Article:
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A History of the Nineteenth Century, Year by Year

And riot in the camp before Sebastopol


Crimean horrors]

Inkermann was followed by a gloomy winter. The Black Sea was swept by terrible storms which destroyed transport ships laden with stores for the army. The horses that charged at Balaklava became unfit for service; the men who had fought at Inkermann languished in field hospitals. In the wretchedly organized lazarets at Scutari the sick and wounded died by scores for lack of proper medical attendance. Shameful frauds were perpetrated in filling the contracts for preserved meats. With grim humor "Punch" exclaimed: "One man's preserved meat is another man's poison." After the harrowing misery that prevailed in camp had been pictured in the London newspapers, something like system was finally established in the hospitals by the energy of Miss Florence Nightingale.

[Sidenote: Sardinia's offered help]

Balaklava and Inkermann had a profound effect upon the diplomatic negotiation of the Powers. England and France attempted to induce Austria and Prussia to take arms against the Czar. But Prussia would do nothing without the Confederation; and Austria would do nothing without Prussia. Buol-Schauenstein, the Austrian Minister of Foreign Affairs, would gladly have mediated; but the prospects of success were not rosy. To the annoyance of Austria, Piedmont, which had maintained its position in Italy despite Austria, offered to take part in the war. Austria saw that she must

now act quickly if she wished to preserve her European prestige. On December 2, she signed a treaty with England and France binding herself not to negotiate separately with the Czar; to defend the principalities which she had occupied in accordance with her compact with Turkey, after their evacuation by the Russians; and to deliberate with the Powers as to the best course to be pursued if the war were not ended by January 1, 1855. The treaty was intended merely to thwart Piedmont.


[Sidenote: Crimean war scandals]

[Sidenote: Parliamentary inquiry]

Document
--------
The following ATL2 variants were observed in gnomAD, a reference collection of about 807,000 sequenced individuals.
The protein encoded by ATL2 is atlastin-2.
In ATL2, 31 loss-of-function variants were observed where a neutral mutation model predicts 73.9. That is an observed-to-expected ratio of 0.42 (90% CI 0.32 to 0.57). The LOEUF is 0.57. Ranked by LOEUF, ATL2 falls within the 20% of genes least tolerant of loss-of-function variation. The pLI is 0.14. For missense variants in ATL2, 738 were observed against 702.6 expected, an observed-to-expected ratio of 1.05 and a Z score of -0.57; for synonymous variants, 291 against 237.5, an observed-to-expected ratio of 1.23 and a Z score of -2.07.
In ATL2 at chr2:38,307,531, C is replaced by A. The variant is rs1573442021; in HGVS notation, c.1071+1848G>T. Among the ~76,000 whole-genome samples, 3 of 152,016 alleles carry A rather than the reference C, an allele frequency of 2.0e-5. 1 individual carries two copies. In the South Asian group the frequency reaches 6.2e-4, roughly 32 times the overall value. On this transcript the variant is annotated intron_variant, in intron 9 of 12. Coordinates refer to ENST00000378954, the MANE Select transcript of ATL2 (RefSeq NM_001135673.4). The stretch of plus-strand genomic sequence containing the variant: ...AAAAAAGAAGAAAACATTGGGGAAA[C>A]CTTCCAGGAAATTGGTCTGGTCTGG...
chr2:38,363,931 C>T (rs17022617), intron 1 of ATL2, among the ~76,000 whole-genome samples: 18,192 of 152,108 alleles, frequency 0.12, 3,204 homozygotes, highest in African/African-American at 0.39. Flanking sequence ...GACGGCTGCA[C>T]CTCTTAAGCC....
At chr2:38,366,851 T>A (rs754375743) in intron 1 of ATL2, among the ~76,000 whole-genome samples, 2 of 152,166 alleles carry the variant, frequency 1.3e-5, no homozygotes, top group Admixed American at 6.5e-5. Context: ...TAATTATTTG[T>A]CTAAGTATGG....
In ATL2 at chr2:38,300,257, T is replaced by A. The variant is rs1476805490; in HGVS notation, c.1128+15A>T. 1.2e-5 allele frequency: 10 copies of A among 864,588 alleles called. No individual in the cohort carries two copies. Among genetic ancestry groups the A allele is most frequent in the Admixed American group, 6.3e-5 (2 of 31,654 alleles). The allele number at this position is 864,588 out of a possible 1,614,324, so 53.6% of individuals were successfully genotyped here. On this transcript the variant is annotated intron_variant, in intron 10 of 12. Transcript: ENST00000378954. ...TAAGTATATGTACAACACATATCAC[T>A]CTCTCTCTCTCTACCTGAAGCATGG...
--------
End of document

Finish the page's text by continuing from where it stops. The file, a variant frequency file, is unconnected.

Complaints of neglect and maladministration in the Crimea waxed ever louder. The reports of the war correspondents at the front aroused indignation in London and Paris. Now the London "Times" came out with a leading article which produced a profound sensation throughout England. The burden of it was a bitter complaint that "the noblest army ever sent from our shores has been sacrificed to the grossest mismanagement. Incompetency, lethargy, aristocratic hauteur, official indifference, favor, routine, perverseness and stupidity reign, revel, and riot in the camp before Sebastopol, in the harbor of Balaklava, in the hospitals of Scutari, and how much nearer home we do not venture to say. We say it with extremest reluctance, no one sees or hears anything of the Commander-in-Chief. Officers who landed on the 14th of September, and have incessantly been engaged in all the operations of the siege, are not even acquainted with the face of their commander." The exposures of the "Times" were taken up in Parliament. Already Lord John Russell had urged upon the Earl of Aberdeen the necessity of having the War Minister in the House of Commons, and recommended that Lord Palmerston should be intrusted with the portfolio of war. The Prime Minister refused to recommend the proposed change to the Queen, on the ground that it would be unfair to the Duke of Newcastle, against whom, he said, no positive defect had been proved. As soon as Parliament assembled on January 25, the opposition moved for a commission of inquiry "into the condition of our army before Sebastopol, and into the conduct of those departments whose duty it has been to minister to the wants of that army." Lord John Russell at once wrote to Lord Aberdeen that since this motion could not be resisted, and was sure to involve a censure of the War Department, he preferred to tender his resignation. The retirement of the leaders of the House of Commons served to paralyze the government's resistance. After a debate of two nights the motion for an inquiry was accepted by 305 against 148 votes. As Mr. Molesworth, who was present, wrote:

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